Confederate Gen. A.P. Hill is coming to the North Shore, and it isn’t the first time.
To celebrate the 20th anniversary of the release of the film “Gettysburg,” noted Civil War historian Patrick Falci will give a presentation for the Civil War Roundtable of the Merrimack in Salisbury on Wednesday.
Falci, who portrays Hill in the 1993 film, spent five years prior to the production working as a historical adviser to director Ronald Maxwell.
“If you want to hear about plenty of stories about the making of the movie, there are plenty of stories about colorful personalities such as Martin Sheen, Tom Berenger, Jeff Daniels and Sam Elliott,” Falci said. “A lot of things came about. If you love the history of the Civil War, come see the presentation. If you’re interested in how a movie is made and if you want to hear entertaining stories about the business, come on down, it’s a presentation for everybody.”
Three years ago, Falci paid his first visit to the Civil War Roundtable to give his Hill presentation.
“I guess they liked it so much that they asked me to come back,” Falci said. “I’m in uniform, and I call it historical entertainment. When I do my presentation on Gen. Hill, I also become a cast of thousands.”
This time around, Falci will focus on the making of the film, which was based on the book “The Killer Angels” by Michael Shaara. He will talk about the process of turning the book into a screenplay, show a slide program on the movie and even re-enact some of the scenes.
Roundtable board member and webmaster Bill Hallett couldn’t be happier to welcome Falci back.
“He is very personable,” Hallett said. “He is very approachable. People can come up and talk to him; he will sign autographs at the meeting.”
Hallett has been with the Civil War Roundtable for the past six years, and his wife, Elizabeth, was a charter member in 1995.
Describing it as a “book club for all ages,” Hallett said the group draws around 25-30 Civil War aficionados to its presentations at the East Parish United Methodist Church on the second Wednesday of every month. Past speakers have included former National Park Service historian Ed Bearss, retired Annapolis Naval Academy historian Craig Symonds and National Civil War Museum curator Wayne Motts.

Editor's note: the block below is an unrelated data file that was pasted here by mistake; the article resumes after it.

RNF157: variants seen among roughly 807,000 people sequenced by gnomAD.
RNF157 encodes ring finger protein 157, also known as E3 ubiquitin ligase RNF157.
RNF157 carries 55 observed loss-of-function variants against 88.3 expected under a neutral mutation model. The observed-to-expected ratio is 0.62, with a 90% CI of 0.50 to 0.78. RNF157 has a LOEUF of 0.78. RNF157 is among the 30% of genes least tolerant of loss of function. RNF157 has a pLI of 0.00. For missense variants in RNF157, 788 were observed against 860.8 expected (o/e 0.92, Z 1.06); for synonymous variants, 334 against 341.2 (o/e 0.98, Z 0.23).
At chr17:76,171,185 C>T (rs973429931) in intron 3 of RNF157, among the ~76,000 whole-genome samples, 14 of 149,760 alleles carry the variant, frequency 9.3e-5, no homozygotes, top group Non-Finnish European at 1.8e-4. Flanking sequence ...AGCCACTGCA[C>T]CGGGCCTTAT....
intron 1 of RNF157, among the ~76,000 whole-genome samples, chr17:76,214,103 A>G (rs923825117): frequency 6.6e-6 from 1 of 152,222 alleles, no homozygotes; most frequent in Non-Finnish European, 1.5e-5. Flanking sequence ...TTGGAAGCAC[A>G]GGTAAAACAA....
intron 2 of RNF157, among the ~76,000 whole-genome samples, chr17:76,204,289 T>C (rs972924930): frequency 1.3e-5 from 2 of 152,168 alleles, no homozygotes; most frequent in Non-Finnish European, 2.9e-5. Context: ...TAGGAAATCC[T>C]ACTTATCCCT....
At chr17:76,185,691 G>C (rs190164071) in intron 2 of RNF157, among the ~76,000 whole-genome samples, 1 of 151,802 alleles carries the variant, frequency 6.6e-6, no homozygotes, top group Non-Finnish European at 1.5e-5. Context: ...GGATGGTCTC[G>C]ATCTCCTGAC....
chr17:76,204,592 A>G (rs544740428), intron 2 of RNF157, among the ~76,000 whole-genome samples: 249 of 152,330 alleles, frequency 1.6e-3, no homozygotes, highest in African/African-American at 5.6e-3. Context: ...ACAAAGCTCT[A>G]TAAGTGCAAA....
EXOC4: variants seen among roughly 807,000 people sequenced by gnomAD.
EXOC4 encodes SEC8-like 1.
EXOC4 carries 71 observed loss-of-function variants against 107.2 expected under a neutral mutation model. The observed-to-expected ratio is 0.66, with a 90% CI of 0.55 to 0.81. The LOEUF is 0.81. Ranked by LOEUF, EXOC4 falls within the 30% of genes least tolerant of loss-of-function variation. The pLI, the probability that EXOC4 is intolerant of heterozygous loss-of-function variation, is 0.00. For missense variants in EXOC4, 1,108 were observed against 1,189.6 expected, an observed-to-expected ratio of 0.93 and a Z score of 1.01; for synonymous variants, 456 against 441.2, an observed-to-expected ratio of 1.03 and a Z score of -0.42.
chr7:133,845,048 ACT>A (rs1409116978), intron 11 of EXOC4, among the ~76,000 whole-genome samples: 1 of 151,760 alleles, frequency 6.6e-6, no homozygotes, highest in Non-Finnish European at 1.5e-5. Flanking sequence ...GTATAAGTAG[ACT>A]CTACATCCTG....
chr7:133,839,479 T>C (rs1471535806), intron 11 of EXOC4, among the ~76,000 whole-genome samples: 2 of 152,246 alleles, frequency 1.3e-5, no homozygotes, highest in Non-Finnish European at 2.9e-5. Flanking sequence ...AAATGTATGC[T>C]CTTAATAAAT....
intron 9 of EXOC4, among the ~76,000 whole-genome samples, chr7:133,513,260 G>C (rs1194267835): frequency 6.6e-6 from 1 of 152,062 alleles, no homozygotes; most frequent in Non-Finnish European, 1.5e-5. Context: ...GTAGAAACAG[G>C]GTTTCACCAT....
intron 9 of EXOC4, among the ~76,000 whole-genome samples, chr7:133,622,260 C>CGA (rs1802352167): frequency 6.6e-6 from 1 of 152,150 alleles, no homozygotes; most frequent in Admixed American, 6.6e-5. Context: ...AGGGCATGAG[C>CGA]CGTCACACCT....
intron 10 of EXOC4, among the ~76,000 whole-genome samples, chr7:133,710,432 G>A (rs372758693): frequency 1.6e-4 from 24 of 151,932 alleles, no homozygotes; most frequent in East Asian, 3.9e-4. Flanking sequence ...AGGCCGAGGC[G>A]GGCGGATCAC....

There has been a renewed interest in the Battle of Gettysburg since Ken Burns’ documentary “The Civil War” came out in 1990, Hallett said.
“The movie ‘Gettysburg’ came out in 1993, and, I think, with that came (another) wave of interest,” he said. “This is a good year for us this year because it is the 20th anniversary of the movie and is the 150th anniversary of the battle.
“So it is kind of a double anniversary.”
Hallett said his first trip to Gettysburg changed him in more ways than he could know at the time.
“I think what really had captured me was as an adult at the age of 20, I took a trip to Gettysburg and I was just walking around with my jaw open,” Hallett said. “It’s just such a vast area in such an amazing place. When you’re there, it’s very easy to be engulfed by the whole scenario.”
A lab technician in Georgetown, Hallett is the author of “Newburyport and the Civil War.” He and his wife also conduct the Footsteps of Heroes walking tours of Newburyport Civil War-related sites.
If you go
What: Patrick Falci on “The 20th Anniversary of the Movie ‘Gettysburg’ and the Making of the Film.”
When: Wednesday, 7:30 p.m.
Where: Civil War Roundtable of the Merrimack meeting, East Parish United Methodist Church, 8 Lafayette Road, Route 1, Salisbury
More information: 978-462-8518 or www.cwrtm.org